The tactical access hub also addresses radio network security. In the case of unit-to-unit radio calls in the field, exclusive voice transmission for secure operational organization and review is an important reality in tactical operations. To ensure security, the RF-6010 hub brings the process of digital encryption to secure voice and data information. Additionally, point-to-point communications can be facilitated with a selective call feature within the radios, allowing two users privacy within a multiuser network.

The system also addresses the issue of network management. The Falcon II radio employs software that controls access hub functions. Applications executed on the software platform can be used to manage radio assets such as hub routing capabilities so that maximum data connectivity is achieved and maintained. Telephone switching options are also controlled by hub software, making each radio interchangeable from network-based LAN/WAN to ground or air-based operations.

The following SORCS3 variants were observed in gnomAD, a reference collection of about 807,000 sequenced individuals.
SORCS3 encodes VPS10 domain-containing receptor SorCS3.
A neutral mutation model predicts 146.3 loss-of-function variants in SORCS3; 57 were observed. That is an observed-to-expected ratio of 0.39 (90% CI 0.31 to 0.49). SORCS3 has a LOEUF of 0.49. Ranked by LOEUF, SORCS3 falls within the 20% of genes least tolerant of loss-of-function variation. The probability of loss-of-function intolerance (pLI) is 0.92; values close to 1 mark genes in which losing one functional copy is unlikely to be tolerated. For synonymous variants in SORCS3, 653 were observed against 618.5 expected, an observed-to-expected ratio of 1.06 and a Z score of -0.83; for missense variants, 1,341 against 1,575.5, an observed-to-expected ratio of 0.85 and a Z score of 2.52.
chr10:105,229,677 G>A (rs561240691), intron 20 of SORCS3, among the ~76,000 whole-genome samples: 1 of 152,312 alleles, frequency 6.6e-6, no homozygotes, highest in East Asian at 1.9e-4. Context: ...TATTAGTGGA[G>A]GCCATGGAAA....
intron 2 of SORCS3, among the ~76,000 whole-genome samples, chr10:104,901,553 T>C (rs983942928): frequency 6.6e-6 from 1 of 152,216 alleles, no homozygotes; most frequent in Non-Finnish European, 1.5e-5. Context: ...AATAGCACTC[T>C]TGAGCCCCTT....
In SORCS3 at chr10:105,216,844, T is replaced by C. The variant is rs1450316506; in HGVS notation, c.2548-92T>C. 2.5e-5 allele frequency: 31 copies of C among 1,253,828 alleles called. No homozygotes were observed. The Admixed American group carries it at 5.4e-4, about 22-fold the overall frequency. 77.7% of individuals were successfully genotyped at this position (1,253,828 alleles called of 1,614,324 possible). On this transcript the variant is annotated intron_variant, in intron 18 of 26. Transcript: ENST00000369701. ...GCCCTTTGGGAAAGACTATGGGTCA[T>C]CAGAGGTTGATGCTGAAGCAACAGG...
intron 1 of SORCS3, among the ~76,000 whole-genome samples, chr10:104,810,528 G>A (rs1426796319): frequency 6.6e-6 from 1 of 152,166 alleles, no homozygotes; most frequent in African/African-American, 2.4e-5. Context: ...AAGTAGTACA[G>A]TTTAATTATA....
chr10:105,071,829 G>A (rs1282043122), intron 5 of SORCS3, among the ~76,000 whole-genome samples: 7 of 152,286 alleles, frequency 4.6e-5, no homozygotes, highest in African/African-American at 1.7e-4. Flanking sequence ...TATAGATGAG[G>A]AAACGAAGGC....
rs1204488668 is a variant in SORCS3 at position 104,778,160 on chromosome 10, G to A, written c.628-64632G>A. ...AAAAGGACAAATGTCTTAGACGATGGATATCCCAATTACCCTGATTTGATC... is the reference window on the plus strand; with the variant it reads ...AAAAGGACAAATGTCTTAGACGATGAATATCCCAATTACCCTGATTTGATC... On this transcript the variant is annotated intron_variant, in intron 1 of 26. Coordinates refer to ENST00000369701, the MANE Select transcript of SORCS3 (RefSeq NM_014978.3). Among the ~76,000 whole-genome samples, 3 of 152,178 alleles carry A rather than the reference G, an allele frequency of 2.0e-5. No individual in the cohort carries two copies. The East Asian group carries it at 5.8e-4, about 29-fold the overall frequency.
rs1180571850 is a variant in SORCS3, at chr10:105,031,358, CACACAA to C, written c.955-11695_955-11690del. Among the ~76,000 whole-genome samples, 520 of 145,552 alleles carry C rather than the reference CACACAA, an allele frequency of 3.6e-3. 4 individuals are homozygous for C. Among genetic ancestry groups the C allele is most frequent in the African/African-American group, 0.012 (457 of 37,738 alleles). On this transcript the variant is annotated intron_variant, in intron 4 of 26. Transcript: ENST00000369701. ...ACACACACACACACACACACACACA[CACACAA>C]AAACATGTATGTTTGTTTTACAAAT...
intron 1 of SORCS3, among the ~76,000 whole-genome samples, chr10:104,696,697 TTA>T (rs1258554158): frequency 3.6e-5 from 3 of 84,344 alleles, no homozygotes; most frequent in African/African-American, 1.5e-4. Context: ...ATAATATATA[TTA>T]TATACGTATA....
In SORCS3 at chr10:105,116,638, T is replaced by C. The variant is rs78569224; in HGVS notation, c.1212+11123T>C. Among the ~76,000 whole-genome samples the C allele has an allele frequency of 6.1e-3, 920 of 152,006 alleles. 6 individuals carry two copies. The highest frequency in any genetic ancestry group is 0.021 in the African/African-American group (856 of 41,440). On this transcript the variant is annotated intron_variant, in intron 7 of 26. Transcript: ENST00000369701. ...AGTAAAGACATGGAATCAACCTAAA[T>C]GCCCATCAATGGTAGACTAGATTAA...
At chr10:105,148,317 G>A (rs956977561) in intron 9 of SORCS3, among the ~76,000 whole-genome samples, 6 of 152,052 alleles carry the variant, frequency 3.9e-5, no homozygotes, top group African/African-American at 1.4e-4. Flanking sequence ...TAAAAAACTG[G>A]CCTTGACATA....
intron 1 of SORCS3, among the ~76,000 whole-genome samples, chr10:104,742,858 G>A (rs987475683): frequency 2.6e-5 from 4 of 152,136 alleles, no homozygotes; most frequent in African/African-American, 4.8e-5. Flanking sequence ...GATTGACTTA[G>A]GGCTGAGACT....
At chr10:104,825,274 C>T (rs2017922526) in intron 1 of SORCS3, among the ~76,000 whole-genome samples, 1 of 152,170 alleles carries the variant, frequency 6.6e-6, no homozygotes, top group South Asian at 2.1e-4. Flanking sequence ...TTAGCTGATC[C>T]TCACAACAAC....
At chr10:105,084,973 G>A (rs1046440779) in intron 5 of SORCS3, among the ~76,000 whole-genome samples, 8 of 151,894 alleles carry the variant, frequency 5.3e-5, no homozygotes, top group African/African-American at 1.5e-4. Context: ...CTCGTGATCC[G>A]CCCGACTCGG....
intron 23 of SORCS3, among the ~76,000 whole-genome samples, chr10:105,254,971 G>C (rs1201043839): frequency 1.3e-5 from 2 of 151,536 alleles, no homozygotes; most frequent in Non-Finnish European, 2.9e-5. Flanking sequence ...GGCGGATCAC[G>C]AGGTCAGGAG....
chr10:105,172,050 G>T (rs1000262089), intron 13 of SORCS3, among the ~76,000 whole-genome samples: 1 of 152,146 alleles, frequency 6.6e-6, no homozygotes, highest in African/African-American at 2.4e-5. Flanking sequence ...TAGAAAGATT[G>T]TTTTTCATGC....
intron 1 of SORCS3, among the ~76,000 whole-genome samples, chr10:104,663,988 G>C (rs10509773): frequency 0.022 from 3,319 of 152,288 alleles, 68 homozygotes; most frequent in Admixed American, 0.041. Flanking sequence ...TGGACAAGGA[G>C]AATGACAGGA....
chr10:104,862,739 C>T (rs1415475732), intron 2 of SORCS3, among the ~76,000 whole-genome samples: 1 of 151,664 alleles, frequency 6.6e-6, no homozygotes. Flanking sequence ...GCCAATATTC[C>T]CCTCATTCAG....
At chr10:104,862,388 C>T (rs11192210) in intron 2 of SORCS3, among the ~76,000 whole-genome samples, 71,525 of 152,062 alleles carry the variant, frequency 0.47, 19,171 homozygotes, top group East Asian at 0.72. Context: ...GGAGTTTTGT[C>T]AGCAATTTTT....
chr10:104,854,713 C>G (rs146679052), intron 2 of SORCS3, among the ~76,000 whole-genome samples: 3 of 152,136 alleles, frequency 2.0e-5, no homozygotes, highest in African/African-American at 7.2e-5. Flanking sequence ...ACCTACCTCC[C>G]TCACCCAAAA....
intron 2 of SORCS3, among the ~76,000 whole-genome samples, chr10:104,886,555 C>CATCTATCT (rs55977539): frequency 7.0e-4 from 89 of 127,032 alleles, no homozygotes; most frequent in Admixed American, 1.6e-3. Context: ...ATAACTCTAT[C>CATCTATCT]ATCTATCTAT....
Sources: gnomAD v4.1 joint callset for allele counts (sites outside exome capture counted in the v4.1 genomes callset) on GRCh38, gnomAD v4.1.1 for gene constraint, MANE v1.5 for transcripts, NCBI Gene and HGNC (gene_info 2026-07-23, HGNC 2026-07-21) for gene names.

“What hub connectivity provides is a way of attaching to network infrastructures without architectural modifications,” Kroon explains. “We are now able to cross-connect radio communications in much the same way as has already been accomplished with telephony and Internet-based systems.”